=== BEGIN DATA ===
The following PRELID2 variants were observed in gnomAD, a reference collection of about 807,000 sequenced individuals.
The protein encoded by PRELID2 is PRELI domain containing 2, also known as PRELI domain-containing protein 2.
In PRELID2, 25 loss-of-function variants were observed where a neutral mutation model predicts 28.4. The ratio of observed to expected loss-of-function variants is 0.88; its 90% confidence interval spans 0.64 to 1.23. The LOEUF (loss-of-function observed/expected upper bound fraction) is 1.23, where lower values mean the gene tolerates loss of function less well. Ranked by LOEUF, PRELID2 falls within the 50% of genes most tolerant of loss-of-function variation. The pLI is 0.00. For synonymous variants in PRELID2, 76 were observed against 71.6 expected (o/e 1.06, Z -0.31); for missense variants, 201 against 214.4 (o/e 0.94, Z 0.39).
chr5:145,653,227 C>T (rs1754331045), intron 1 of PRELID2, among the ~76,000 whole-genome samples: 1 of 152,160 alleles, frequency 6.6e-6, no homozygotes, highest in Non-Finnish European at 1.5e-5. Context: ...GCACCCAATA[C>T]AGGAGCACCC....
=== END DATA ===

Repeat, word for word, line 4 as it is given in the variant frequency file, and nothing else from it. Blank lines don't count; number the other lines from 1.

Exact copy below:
chr5:145,653,227 C>T (rs1754331045), intron 1 of PRELID2, among the ~76,000 whole-genome samples: 1 of 152,160 alleles, frequency 6.6e-6, no homozygotes, highest in Non-Finnish European at 1.5e-5. Context: ...GCACCCAATA[C>T]AGGAGCACCC....